These are probably my last projections until the final ones, which should be published Saturday or Sunday. The big story is of course the constant and continuous rise of the NDP that is now projected at 55 seats, including 13 in Quebec. So let's talk a little bit more about la Belle Province.
Some of you would probably think I'm too generous with Jack Layton in Quebec or that I'm using the 2-3 polls placing the NDP above 30% in this province. Well, you would be wrong. These projections are based on 10 polls, all released and conducted within the past 2 weeks. I have two Nanos (I don't use more Nanos because I don't want to bias my average with too many polls from the same pollster), two Ekos (including the crazy one from yesterday, with a sample size of 3000), one Angus-Reid, one Forum, one Leger, one Ipsos and one from Environics. Also, for Quebec only, I have the Crop one. Among these polls, only one, yes one, has the NDP below 20% (Harris-Decima and its probably because it's a 2-weeks poll). I actually have 6 polls where the NDP is first in Quebec. So all that to say that I'm using quite a lot of recent polls. Therefore, it's only normal for the upward trend for this party to be reflected in terms of seats. Also, the NDP is currently on the edge of sweeping Quebec. Indeed, they are involved (or competitive) in 23 ridings in Quebec, of which they only win 6 (the Bloc is 14 out of 20). It's a fairly low convertion ratio, but I'm kinda ok with it as the NDP will still have to get its vote out on May 2nd. However, if the trend goes on this week, the NDP will soon be projected to be around 35% in Quebec and would win a lot more seats. For instance, if I was to use only the poll from Ekos published yesterday, I would get the NDP at 50 seats in Quebec and 99 nationally! And remember, it is a poll with 3000 sample size, therefore we have quite accurate estimates in each province. The orange wave will be THE thing to look for on May 2nd. Will it happen or will it be a burst like the Lib-Dem during the latest UK elections? I don't know. The fact the wave is happening in Quebec makes me believe it will indeed happen.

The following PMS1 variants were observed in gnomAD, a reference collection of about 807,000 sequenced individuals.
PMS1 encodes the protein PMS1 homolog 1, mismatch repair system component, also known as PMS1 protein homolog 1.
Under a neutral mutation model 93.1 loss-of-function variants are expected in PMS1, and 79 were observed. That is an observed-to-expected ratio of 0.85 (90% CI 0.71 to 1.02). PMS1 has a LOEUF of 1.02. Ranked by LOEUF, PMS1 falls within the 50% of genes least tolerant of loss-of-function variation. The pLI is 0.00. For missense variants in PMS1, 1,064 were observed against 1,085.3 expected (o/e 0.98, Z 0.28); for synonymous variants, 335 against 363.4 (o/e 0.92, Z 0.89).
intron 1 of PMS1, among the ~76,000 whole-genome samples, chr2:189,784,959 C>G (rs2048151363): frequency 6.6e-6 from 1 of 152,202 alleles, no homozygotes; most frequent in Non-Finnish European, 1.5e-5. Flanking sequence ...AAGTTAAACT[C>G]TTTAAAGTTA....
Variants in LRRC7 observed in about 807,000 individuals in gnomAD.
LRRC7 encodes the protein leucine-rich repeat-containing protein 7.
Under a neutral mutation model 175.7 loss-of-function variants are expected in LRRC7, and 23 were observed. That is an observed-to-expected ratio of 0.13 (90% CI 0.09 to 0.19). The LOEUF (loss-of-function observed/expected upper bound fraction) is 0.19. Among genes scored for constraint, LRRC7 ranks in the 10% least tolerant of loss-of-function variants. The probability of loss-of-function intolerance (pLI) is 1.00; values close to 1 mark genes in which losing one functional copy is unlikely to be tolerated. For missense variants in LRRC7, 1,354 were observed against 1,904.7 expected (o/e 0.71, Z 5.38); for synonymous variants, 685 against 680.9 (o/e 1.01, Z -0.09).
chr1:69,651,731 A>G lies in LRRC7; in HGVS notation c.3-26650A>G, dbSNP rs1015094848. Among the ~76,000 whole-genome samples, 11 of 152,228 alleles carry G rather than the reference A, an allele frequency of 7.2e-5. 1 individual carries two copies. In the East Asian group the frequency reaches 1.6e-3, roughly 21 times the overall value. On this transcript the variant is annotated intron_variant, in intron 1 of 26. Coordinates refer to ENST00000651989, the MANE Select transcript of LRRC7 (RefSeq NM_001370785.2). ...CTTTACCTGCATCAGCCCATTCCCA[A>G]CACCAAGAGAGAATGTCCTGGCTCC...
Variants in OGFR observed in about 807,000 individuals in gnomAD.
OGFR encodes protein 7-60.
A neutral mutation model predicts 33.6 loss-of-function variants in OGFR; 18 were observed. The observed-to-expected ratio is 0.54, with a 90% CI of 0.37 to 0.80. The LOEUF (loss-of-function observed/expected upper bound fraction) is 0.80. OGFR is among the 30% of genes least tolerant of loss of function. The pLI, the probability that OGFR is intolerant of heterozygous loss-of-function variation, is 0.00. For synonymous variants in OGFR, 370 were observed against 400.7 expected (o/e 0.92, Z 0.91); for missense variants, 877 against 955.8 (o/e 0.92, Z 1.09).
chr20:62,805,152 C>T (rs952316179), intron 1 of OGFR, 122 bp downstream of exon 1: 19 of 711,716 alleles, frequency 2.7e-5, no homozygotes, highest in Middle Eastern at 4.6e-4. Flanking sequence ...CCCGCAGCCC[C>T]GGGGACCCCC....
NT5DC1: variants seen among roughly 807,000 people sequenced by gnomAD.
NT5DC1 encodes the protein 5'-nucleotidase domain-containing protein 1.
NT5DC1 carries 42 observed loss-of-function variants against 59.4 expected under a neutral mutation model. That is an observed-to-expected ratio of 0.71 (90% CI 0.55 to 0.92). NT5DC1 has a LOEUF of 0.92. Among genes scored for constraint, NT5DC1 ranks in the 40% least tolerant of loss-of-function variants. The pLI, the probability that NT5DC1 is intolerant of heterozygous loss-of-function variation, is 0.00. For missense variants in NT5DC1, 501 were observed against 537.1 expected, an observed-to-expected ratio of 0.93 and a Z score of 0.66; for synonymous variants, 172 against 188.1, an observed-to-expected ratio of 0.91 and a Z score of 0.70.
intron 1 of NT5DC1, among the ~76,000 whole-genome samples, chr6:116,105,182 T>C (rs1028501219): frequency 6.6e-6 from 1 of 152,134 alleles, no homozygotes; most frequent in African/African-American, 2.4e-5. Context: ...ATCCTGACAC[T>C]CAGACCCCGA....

By the way, if the NDP does finish first in Quebec, with around 35% of the votes, this party has a real chance at finishing second nationally. If the Conservatives fall short of a majority (or even lose some seats), we could have a very unstable parliament. The Liberals would have to decide who they want to support. I'm guessing by that time, they woud also be looking for a new leader and Bob Rae looks to be the frontrunner (a former leader of the NDP in Ontario...). Could this mean that Harper would fall quickly and be replaced by a NDP government? And would it be a NDP-only or a NDP-led coalition? Not sure Jack Layton would feel very generous to a party who said no twice to a coalition (under Ignatieff), but a new leader could fix that. It's all political fiction of course, but the fact is: it's is possible! In particular, if NDP+LPC=majority without the Bloc, a NDP government could well become reality. You don't even need to run crazy simulations, just use a poll with 3000 interviews...